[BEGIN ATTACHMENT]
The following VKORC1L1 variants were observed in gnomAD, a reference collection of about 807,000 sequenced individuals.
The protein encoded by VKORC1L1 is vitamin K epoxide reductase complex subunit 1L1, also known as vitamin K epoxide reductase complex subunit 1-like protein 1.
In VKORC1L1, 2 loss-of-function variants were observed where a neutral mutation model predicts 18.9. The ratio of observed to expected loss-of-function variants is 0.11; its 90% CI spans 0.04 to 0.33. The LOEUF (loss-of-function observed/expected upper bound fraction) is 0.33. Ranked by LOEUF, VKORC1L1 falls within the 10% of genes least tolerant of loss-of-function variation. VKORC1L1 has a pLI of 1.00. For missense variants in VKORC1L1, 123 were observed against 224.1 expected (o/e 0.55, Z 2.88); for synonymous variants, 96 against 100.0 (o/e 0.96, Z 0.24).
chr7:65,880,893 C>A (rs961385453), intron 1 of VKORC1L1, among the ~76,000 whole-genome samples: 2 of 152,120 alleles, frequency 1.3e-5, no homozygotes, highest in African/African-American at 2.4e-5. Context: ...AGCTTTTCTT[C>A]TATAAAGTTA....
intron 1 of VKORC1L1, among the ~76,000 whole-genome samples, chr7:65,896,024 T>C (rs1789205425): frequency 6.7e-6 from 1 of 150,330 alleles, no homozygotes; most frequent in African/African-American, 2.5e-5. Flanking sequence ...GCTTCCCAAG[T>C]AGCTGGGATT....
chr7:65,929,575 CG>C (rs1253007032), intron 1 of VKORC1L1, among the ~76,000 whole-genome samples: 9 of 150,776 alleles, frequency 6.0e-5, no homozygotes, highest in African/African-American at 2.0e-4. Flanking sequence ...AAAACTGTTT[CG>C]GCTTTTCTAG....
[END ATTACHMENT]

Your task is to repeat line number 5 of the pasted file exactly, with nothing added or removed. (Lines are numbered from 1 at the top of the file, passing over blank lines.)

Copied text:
intron 1 of VKORC1L1, among the ~76,000 whole-genome samples, chr7:65,896,024 T>C (rs1789205425): frequency 6.7e-6 from 1 of 150,330 alleles, no homozygotes; most frequent in African/African-American, 2.5e-5. Flanking sequence ...GCTTCCCAAG[T>C]AGCTGGGATT....